A doctor (not pictured) examines the X-ray of child with breathing difficulties in the Chacha Nehru Bal Chikitsalaya emergency ward

South Africa allotted a $94 million funding for the next five years to fight Tuberculosis (TB), Minister of Health Joe Phaahla announced Sunday.

"Over R4 billion was budgeted in the 2024/2025 [financial year], meeting the projected needs for implementing the National Strategic Plan (NSP)," Phaahla said at South Africa's commemorations for World TB Day, which was held under the theme of "Yes! You and I Can End TB."

"71% of the TB budget is from domestic sources, 21% from Global Fund and 8% from United States government commitments," SA News reported citing Phaahla.

The minister appreciated the "announcement by the National Department of Health and the United States Agency for International Development (USAID) of the award of the Accelerate Tuberculosis Elimination and Program Resilience Activity (referred to as ACCELERATE) in the amount of $94 million for the next five years."

He noted that the South African government has welcomed the generous support from the Global Fund and the United States government, adding that the administration appreciates continued support towards HIV, TB and sexually transmitted diseases (STDs).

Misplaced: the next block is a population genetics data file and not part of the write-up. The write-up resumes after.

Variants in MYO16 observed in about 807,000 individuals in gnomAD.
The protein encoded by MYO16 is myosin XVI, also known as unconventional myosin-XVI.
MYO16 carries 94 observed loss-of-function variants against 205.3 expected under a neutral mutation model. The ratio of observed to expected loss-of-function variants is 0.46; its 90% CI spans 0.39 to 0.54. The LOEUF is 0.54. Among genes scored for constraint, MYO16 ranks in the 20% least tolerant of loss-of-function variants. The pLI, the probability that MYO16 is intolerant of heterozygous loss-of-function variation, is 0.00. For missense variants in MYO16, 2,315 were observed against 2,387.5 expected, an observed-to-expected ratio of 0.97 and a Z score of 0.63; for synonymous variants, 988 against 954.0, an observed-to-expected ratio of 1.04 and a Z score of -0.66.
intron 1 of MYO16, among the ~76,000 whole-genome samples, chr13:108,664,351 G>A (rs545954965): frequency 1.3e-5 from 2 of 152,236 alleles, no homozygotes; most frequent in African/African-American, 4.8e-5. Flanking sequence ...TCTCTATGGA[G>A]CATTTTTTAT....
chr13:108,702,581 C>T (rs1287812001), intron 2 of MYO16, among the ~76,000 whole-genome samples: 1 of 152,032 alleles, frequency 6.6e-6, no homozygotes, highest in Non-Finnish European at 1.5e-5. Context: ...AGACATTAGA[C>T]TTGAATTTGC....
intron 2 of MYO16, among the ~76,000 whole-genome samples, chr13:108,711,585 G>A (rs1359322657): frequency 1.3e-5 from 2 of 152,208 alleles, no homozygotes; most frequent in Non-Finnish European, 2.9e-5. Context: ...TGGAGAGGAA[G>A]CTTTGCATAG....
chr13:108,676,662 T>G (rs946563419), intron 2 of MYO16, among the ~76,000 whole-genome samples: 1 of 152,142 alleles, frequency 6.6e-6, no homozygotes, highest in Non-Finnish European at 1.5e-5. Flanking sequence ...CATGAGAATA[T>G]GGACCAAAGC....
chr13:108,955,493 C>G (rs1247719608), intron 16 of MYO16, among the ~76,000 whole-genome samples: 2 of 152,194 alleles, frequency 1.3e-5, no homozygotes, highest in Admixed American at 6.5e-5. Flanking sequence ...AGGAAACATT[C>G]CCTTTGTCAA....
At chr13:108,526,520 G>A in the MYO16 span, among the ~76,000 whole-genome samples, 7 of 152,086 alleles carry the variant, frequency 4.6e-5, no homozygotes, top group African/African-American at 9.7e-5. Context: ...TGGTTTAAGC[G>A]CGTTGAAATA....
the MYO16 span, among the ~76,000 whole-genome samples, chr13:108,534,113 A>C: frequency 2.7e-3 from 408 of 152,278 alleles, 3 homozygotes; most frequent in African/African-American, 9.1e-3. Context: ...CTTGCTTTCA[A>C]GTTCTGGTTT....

Moreover, the TB Program of the National Department of Health has created a detailed TB Recovery Plan dashboard. This tool is utilized by provinces and districts to track the progress of the TB program. The department has also created an HIV and TB dashboard in the Health Information Centre.

"The South African National AIDS Council (SANAC) Situation Room is a state-of-the-art data consolidation and visualization hub built at the SANAC offices in Pretoria but can be accessed virtually from anywhere in the world," he said.

These new data visualization dashboards help to analyze enormous quantity of data that is generated in many parts and entities of South Africa, thereby monitoring and tracking the country's efforts against HIV, TB and sexually transmitted infections.

The minister pointed out that since 2007, South Africa has witnessed a steady decline in the number of people diagnosed with TB each year, revealing that the figure has decreased from 644,000 in 2007 to 280,000 in 2022.